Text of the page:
Lessons in Excellence
By Richard Mabey Jr.
At a very young age, my father taught me to excel; to do my very best in all that I did in life. It was one of the most valued lessons that I have ever learned. My dad always did his very best in all he did in life, whether it was in his role as a Scoutmaster, as a church leader, in community affairs and in his work as a long-distance truck driver.
We used to have a four-drawer file cabinet in our cellar at the old Mabey Homestead. The top three drawers were filled with scouting paperwork. The bottom drawer was filled with paperwork from Dad’s work. In that bottom drawer were probably well over a hundred letters of praise that Dad had received from the movers and shakers of corporations, of which Dad had moved machinery for or had transported heavy equipment.
This letter dated October second of 1970, from the EDO Corporation, is a classic example of the type of letters of praise that corporate big wheels sent to the upper management of the trucking company that Dad worked for.
I think that one of the things that made my Dad such an outstanding and great truck driver, is that Dad had such a focus on details. He believed that if you cut corners on the little things, that you would just end up cutting corners on the big things. From getting the mirrors on his trucks in just the right positions to checking all the engine fluids to checking tires for flaws; Dad always made sure that his tractor trailer was in tip-top shape before he put the key in the ignition.
Oversize loads were a specialty of Dad’s. He always put safety first when driving his truck.
My Dad did a lot of government work, in the many years that he worked at Main Trucking Company. “Safety first” was Dad’s motto. He often drove the oversized loads that required special permits. Also, a lot of Dad’s wide loads required that he had to have a “flag car” in the front of him and in the back of him, at all times. This was always tough to coordinate in busy traffic.
A lot of Dad’s oversized loads required that special structures were built to support the awkward shapes and heavy weight of the equipment being transported.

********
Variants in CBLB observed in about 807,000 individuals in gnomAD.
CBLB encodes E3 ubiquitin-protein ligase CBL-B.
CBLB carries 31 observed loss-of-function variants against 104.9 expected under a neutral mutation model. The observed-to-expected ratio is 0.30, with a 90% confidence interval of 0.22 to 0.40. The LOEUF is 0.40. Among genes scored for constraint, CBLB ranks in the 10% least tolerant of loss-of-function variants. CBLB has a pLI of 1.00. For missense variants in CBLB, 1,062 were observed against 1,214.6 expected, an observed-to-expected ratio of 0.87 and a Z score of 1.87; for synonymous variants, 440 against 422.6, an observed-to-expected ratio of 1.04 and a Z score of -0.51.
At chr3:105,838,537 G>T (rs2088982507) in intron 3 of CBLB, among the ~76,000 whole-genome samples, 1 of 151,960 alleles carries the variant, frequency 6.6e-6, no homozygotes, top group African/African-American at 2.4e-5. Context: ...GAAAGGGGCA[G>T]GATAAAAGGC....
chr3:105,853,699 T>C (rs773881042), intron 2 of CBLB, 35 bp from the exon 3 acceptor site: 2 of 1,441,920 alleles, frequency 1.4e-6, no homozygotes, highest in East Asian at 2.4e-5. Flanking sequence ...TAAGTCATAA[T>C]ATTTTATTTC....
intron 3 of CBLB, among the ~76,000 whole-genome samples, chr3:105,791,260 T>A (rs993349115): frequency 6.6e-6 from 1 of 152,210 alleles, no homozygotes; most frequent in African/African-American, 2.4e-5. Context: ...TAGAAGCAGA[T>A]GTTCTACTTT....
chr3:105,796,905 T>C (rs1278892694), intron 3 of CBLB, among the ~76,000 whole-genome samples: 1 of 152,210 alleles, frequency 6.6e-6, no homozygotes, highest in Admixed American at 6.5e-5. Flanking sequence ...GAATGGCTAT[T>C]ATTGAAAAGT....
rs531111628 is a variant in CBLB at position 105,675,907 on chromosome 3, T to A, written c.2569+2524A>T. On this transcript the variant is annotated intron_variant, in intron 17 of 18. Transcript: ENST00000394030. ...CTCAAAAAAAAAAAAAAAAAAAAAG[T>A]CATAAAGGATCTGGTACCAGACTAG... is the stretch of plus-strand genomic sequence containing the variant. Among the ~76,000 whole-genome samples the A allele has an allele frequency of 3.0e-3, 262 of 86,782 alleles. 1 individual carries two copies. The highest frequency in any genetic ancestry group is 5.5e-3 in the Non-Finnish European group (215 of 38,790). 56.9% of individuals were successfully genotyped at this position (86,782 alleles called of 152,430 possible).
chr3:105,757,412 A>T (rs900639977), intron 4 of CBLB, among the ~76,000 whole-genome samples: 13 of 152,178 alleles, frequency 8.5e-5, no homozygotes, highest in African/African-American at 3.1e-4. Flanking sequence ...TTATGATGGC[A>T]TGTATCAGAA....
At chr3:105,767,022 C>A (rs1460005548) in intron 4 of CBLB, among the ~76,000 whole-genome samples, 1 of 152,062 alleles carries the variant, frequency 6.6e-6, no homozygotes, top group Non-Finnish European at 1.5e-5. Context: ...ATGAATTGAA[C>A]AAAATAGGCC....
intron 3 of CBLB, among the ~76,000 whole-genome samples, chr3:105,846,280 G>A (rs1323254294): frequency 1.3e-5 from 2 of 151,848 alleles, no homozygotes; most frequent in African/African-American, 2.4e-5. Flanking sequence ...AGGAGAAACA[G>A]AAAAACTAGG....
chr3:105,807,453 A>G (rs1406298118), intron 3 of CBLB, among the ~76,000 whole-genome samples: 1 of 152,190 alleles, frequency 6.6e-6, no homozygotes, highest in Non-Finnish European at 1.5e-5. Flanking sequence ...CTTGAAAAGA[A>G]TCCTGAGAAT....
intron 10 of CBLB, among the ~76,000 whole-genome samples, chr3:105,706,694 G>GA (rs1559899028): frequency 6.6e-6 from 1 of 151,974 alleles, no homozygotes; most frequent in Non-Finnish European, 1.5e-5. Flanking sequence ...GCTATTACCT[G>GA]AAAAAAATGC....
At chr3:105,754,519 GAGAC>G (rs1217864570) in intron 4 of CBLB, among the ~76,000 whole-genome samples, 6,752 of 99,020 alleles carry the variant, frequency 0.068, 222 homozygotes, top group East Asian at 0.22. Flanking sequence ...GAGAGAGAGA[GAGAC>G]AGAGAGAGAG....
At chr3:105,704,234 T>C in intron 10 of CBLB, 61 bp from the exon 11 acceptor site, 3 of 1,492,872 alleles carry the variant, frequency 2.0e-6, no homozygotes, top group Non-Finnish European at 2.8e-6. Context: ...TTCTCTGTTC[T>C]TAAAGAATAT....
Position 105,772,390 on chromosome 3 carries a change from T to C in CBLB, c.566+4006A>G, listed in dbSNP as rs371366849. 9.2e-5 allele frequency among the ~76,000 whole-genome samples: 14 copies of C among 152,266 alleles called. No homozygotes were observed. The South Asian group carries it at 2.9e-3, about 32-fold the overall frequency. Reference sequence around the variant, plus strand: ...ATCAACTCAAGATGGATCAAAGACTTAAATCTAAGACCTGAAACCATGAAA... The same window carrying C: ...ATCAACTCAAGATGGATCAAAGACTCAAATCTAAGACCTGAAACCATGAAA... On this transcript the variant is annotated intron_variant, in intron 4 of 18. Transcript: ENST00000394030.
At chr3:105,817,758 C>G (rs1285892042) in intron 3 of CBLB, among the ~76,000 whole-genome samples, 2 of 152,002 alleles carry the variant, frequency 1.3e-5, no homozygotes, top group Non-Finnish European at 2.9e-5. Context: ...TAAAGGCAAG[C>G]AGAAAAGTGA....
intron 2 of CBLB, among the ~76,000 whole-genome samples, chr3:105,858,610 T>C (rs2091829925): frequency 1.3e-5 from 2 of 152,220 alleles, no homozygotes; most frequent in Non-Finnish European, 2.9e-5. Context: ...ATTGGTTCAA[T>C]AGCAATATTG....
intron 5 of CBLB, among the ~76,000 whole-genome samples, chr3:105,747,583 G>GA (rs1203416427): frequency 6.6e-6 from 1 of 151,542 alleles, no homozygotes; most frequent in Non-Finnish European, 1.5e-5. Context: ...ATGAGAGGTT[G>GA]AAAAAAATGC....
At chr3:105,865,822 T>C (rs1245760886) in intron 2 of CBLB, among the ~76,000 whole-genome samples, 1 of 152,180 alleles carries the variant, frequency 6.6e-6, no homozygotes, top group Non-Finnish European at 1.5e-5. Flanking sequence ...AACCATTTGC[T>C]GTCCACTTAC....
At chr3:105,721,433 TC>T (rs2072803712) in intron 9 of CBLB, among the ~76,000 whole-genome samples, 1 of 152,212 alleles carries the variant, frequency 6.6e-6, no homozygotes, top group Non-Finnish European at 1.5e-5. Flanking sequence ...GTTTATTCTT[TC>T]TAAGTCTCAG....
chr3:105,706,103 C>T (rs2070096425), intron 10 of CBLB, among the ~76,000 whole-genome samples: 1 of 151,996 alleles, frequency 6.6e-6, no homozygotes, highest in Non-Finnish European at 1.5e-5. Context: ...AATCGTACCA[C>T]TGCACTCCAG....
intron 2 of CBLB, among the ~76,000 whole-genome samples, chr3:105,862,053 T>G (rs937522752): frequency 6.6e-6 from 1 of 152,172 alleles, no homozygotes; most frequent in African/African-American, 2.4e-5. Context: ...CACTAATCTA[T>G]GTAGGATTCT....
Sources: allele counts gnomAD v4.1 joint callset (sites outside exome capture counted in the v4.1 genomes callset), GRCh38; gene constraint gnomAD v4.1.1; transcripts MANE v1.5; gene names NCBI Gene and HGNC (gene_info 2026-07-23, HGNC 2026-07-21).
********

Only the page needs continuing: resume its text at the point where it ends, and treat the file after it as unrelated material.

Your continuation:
Whenever Dad had to take on a long-distance transport job of an oversized load, he would have to route the trip. I had the distinct honor, one summer, when I was about 15 years old, to travel with Dad when he routed one particular job.
I remember that Dad had this telescoping measuring device. We would come to a point in the road where a trestle or a bridge crossed the road from above. Dad would be incredibly focused when he measure the exact space between the tar of the road’s surface to the lowest point of the bridge, that crossed above the road. One of the things that I remember so well about Dad, is that he would always measure all the distances twice. Then he would write down the height of the space between the road and the crossing bridge, in his little notebook that he kept in his shirt pocket. Dad took his job very serious.
Large yellow signs would read “Oversize Load” in big black letters. They would be strung across the front of the cab and on the back of the trailer. Dad took safety very serious.
I look back upon how hard my Dad worked. How serious he took his job. And, what a truly great truck driver he was. Truck drivers get a bad rap. They really do. I don’t know why, but they do. They pay a huge percentage of the road taxes in America, but they still get a bad rap.
My Dad worked hard to elevate the standing of the American Truck Driver. He was always courteous to people when he was driving. He drove defensively. He put safety first, all the time. Dad truly was one of the best truck drivers in America.
The next time you see a truck driver, don’t stick your nose up at him. He’s got a tough job. It’s a lonely job. And without truck drivers, America’s economy would collapse in a matter of a few days. Transportation of goods, heavy equipment and specialty items is one of the important elements of America’s economy. And that man or woman driving that big rig, is working hard; harder than the average person realizes.